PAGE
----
Photograph your loved ones like they’re going to die, and photograph your dead lines like they’re still alive.
The gist of this letter is that I want to share my personal experiences photographing my grandfather’s funeral, photographing his graveyard two years later, and thoughts on photographing death in general.
How I photographed my grandfather’s funeral
In 2014, I got a phone call from my mom. She told me, “Eric — you need to fly to Korea immediately. Your grandfather just passed away.”
I was at my house in East Lansing, Michigan. I told Cindy, and I booked a flight straight to Busan, Korea (my mom’s family’s hometown).
I always respected my grandfather, but never knew him that well. I wanted to use this opportunity to get to know my grandfather through photographing the experience of being at his funeral.
I packed a film point and shoot camera (Ricoh GR1v) and 8 rolls of black and white Neopan 400 film. I decided to push the film to 1600 (to have more grit, contrast, and grain) to photograph how I expected to feel — grim, and downcast.
Isn’t it taboo to photograph a funeral?
When I arrived in Busan, I wasn’t sure what to photograph. I just decided to photograph my personal experiences.
Everyone in my family knows that I’m a photographer, so nobody objected.
The only time I wasn’t allowed to take a photo was when my uncle uncovered the casket of my grandfather (the night before the burial). I listened to him and put away the camera. Once my family saw the deceased face of my grandfather, everyone started to cry. I knew the right thing was to not take a photograph at that time.
But as for everything else (before, during, and after) the funeral — I photographed freely. I didn’t think too much when shooting, I just photographed what I felt.
I expected to be a lot sadder at his funeral. But to be honest, my grandfather lived a long life (he passed at 92 years old). The incredible thing is that he was 100% mentally-active until he passed. Everyday he painted Chinese-style calligraphy, and kept detailed notes of everything he did. After we cleared out his room after his funeral, he actually had a list of his family members who called him for the new year’s (my name was on the list).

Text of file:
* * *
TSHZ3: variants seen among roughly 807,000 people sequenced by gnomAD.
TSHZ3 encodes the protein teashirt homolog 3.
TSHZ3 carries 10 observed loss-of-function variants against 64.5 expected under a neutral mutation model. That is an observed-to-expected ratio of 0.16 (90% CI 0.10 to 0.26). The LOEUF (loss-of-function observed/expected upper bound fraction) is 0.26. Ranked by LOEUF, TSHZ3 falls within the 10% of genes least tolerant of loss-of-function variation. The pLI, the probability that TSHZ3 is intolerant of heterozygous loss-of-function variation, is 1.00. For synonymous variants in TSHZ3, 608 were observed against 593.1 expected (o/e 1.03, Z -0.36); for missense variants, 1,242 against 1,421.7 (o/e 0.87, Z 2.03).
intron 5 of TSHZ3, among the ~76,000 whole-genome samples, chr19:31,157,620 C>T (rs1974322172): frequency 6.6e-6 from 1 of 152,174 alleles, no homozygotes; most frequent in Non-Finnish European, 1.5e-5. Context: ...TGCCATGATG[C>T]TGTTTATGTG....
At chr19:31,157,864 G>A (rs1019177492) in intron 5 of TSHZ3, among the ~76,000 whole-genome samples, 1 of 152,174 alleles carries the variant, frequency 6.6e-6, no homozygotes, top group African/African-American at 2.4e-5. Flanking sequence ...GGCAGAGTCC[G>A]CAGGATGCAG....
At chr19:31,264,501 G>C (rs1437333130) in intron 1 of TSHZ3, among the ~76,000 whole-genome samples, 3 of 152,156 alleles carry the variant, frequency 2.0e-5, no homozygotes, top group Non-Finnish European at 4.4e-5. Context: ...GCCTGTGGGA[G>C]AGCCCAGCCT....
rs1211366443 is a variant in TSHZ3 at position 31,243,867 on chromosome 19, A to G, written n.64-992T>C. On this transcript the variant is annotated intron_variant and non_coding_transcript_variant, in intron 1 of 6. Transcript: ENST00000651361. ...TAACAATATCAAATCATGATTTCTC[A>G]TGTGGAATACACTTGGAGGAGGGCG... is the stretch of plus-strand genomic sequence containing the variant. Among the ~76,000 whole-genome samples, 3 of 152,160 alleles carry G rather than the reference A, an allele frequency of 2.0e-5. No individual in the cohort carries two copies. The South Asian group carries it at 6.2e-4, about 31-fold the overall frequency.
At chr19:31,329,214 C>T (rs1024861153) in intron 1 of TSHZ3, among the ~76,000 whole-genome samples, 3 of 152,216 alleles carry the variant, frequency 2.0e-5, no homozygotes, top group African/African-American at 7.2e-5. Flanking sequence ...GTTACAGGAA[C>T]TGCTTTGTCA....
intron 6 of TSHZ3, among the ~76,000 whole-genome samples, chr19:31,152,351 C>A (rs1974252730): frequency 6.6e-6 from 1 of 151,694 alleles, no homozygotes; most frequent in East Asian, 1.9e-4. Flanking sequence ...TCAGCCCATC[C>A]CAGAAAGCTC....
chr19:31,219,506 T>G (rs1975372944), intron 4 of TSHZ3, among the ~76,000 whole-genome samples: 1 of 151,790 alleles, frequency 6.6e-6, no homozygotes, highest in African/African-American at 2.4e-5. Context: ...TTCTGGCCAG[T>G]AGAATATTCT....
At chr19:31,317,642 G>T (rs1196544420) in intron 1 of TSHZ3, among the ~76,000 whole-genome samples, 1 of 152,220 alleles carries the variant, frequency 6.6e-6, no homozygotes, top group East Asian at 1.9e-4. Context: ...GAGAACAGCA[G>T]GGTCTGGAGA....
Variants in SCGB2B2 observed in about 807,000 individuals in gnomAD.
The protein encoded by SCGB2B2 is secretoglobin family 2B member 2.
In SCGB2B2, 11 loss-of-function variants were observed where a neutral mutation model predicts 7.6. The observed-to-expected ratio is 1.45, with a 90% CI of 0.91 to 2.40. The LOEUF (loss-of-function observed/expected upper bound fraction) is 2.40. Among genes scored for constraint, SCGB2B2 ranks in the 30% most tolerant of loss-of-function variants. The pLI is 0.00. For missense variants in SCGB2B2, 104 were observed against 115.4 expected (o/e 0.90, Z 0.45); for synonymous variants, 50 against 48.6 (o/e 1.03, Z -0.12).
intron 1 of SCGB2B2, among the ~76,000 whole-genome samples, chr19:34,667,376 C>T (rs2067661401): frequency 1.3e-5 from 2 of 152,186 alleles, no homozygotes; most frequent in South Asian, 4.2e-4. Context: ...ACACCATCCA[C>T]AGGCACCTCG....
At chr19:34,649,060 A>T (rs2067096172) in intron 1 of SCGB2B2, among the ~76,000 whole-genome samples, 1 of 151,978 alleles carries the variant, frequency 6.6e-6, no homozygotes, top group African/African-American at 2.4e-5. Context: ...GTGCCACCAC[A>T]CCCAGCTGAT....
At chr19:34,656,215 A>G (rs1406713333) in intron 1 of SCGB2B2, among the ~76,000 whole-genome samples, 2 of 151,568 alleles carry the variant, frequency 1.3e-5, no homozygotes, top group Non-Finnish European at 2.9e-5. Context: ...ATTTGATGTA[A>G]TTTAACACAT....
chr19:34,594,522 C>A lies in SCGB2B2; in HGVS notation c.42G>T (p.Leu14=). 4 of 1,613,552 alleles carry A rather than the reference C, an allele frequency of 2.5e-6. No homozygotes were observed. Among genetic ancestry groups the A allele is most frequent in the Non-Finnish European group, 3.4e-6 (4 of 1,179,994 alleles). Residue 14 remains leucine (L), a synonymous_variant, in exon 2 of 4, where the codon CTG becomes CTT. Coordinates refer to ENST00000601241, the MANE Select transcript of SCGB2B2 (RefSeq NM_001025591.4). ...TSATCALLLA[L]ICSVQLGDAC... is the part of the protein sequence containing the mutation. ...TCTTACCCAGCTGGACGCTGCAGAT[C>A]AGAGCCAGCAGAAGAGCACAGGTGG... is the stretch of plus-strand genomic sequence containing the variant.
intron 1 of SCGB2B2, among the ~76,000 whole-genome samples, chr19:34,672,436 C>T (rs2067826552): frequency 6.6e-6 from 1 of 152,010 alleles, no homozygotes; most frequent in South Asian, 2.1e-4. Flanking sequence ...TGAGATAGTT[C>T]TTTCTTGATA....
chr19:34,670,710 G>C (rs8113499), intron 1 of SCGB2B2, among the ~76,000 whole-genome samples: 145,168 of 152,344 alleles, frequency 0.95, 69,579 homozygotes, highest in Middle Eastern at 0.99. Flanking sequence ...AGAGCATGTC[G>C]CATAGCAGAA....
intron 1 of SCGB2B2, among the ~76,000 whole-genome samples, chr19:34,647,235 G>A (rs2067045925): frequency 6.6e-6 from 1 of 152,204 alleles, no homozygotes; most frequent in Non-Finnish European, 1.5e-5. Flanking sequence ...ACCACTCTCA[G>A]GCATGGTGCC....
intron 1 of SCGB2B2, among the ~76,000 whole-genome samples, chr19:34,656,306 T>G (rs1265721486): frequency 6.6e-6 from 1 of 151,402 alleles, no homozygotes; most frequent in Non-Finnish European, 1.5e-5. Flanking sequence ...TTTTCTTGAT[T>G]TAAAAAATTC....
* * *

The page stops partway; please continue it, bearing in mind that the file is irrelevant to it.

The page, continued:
I felt that through photographing the funeral — the number one thought I had was this: We are all going to eventually die, and it is kind of sad, but eventually everyone will get over it.
Even my mom who was devastated when my grandfather passed away (she as full of certain regrets, and wished she could tell him some certain things) — eventually has settled with his death. Now my mom has peace in her heart, and knows that my grandfather is in a better place.
As for me, the process of photographing my grandfather made me realize how death brings family together (in a positive way). I hadn’t seen a lot of my family members for a long time. Through the death of my grandfather, it brought my family members closer to one another. Past arguments from the past faded, and everyone became more open and generous to one another.
I am actually more afraid of photographing my mom’s funeral — when she passes away. She is (after Cindy) the woman I love the most in my life. She raised me, suffered thousands of indignities and hardships, to help me get to where I am. She taught me morales, she taught me perseverance, hard work, and encouraged my creativity. My mom is always behind me 100% — she even encouraged me when I decided to change my major from Biology to Sociology (everyone else thought I was crazy), and even when I wanted to pursue my photography full-time (after having a 9-5 office job).
I want to photograph my loved ones like they’re going to die, and I want to photograph those who passed away like they’re still alive.
Re-visiting my grandfather’s graveyard
A few weeks ago, I visited my grandfather’s burial site after 2 years. I went there with my mom, and it was bitter-sweet. I was there with my uncle, and we chatted with my grandfather. We poured him some soju, prepared him some food, and reflected on our life experiences. My mom told me how much fun she had in the neighborhood as a child. We met one of the old neighbors— and my mom shared a fond memory of riding his shoulders, and pulling on his ears as a child.
My mom also shared memories of her childhood friends, games she played, and how far she walked to go to school (to hang out with her friends). It was a wonderful time that brought my family back together.
I photographed my grandfather’s funeral site — as if he was still alive, and his spirit was alive. I didn’t feel any grief or sadness— rather, relief and joy.